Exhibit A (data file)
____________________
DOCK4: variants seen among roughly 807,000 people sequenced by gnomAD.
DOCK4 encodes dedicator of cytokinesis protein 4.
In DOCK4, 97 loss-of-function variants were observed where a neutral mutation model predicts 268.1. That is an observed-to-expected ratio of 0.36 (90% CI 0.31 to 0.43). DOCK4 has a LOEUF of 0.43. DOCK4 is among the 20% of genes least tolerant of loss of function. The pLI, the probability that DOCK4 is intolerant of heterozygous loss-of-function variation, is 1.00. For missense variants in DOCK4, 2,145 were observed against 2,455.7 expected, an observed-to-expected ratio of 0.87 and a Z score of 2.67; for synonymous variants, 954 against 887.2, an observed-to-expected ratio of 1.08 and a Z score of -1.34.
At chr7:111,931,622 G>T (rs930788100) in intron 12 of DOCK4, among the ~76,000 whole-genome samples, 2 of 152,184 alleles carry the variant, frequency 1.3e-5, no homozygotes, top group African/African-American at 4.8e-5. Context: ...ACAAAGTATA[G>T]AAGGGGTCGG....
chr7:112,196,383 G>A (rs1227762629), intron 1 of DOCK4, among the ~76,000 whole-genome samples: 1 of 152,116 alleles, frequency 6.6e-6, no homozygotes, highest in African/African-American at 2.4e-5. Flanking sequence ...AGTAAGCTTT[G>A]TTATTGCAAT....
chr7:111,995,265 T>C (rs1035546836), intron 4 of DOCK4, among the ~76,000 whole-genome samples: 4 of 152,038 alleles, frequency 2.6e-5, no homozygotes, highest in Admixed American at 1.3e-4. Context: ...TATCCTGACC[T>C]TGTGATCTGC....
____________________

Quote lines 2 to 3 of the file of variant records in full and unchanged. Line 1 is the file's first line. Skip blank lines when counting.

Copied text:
DOCK4 encodes dedicator of cytokinesis protein 4.
In DOCK4, 97 loss-of-function variants were observed where a neutral mutation model predicts 268.1. That is an observed-to-expected ratio of 0.36 (90% CI 0.31 to 0.43). DOCK4 has a LOEUF of 0.43. DOCK4 is among the 20% of genes least tolerant of loss of function. The pLI, the probability that DOCK4 is intolerant of heterozygous loss-of-function variation, is 1.00. For missense variants in DOCK4, 2,145 were observed against 2,455.7 expected, an observed-to-expected ratio of 0.87 and a Z score of 2.67; for synonymous variants, 954 against 887.2, an observed-to-expected ratio of 1.08 and a Z score of -1.34.